How do we deal with our disappointments and failed plans? What I wasn’t realizing was that my test of resolve on this trip had now taken a new form. It was no longer the sexy physical test of manhood I wanted. It had become all of our worst nightmares… not getting what we want.

For someone who plans as much as I do, I can become fixated, even obsessed, with objective. The trip was such a beautiful success in so many ways, but from my myopic attitude, it looked like a failure because of the one unrealized objective.

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I learned from this trip that man vs. himself is more than just climbing mountains or wrestling alligators. Man’s true resiliency is shown clearly in his/ her ability to roll with the punches. To watch their carefully made plans go down in flames and still make something of it.

It remains one of the hardest things that I (and all of us will) consistently face in life.

— andrew


In honor of the NPS Centennial this year, I have put together a special collection of (some never before seen) my favorite National Park prints. Please check it out and know that 5% of all the profits from the sale of this artwork will be donated to a wonderful organization that works hard to help preserve our Nation’s most magical places, The National Park Foundation.. We will be visiting almost all of the 59 National Parks this year, so check back often as we will be updating the page regularly. Thank you so much for your support!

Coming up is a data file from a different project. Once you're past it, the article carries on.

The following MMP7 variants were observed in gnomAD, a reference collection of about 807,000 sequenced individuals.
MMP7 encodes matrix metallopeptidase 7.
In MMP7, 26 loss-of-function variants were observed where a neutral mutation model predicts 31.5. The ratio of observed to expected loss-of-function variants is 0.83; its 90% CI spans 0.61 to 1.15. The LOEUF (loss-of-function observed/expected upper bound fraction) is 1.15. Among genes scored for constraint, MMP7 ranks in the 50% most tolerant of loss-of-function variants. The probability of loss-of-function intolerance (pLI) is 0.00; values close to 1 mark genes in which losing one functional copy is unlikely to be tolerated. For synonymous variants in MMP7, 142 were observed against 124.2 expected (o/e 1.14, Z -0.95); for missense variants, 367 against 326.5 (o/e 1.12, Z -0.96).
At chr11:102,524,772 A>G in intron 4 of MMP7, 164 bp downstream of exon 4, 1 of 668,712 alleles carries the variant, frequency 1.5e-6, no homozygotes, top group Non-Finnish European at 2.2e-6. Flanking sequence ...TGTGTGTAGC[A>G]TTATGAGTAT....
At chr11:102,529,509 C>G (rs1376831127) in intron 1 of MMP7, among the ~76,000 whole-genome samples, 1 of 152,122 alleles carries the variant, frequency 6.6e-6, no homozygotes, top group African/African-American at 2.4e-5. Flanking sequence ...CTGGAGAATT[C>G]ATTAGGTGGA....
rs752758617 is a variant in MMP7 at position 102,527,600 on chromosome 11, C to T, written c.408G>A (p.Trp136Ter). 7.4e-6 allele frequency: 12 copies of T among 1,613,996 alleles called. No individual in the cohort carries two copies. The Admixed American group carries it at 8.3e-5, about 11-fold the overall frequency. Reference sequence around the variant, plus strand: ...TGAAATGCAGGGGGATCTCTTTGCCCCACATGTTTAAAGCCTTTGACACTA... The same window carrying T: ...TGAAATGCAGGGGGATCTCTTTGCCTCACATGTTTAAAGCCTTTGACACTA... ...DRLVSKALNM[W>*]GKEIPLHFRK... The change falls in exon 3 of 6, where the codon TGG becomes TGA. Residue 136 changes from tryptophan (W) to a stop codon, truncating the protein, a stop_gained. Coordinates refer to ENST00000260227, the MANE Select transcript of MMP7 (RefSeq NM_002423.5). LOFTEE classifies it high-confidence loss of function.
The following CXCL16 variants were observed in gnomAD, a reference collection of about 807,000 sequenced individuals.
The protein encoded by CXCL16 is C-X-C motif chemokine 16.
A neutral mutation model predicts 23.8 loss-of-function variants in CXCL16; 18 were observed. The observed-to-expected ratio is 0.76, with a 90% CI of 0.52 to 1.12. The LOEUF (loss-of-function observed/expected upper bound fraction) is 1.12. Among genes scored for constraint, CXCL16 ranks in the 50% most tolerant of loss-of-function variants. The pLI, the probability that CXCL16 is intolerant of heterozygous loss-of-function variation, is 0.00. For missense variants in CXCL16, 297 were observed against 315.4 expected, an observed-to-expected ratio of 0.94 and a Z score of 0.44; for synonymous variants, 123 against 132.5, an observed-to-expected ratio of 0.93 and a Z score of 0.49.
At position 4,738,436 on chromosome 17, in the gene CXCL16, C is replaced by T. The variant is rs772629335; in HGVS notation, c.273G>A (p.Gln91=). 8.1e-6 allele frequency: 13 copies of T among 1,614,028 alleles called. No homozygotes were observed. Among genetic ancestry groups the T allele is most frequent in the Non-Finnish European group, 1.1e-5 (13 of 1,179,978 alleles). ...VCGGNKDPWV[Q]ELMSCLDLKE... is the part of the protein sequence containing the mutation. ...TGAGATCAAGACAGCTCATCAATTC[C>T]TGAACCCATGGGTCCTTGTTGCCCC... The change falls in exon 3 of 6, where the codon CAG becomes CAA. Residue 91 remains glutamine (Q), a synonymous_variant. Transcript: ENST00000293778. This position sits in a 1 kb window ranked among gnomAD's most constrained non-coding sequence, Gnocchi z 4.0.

Want to learn photography and enjoy a guided experience? Check out my exciting, NEW workshop dates:
 
Big Bend NP // Night/ Landscape // 2016 – ONLY 2 SPOTS LEFT!
Isle of Skye // S C O T L A N D // 2016 – 4 SPOTS AVAILABLE
Highlands // S C O T L A N D // 2016 – 4 SPOTS AVAILABLE
 
If you are interested in licensing any of the images/ video from this post, please visit my stock agency:
 
Tandem Stills + Motion // Andrew R. Slaton
Image Brief // Andrew R. Slaton
 
If you are interested in purchasing prints from this post, please check my prints for sale, or email me directly for a custom request:
 
Andrew R. Slaton | photographer // prints
 
For assignment work requests, please email me: andrew@andrewslatonphoto.com
 
Thanks for visiting AndrewSlatonBlog.com!
 
all images and content © ARS Media, LLC 2016
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photography, random thought, travel

Telluride’s Bounty

I had the absolute pleasure of spending this year’s peak Autumn colors in Telluride, CO.

It’s rare that I stray to far from my usual Wyoming stomping grounds for the Fall, but 2015 was a little different. Thanks to some amazing friends, we had a golden opportunity. And though I missed ol’ Wyom, the southern San Juans put on a great show for us. I have to admit, it was the best display of Autumn I’ve ever seen.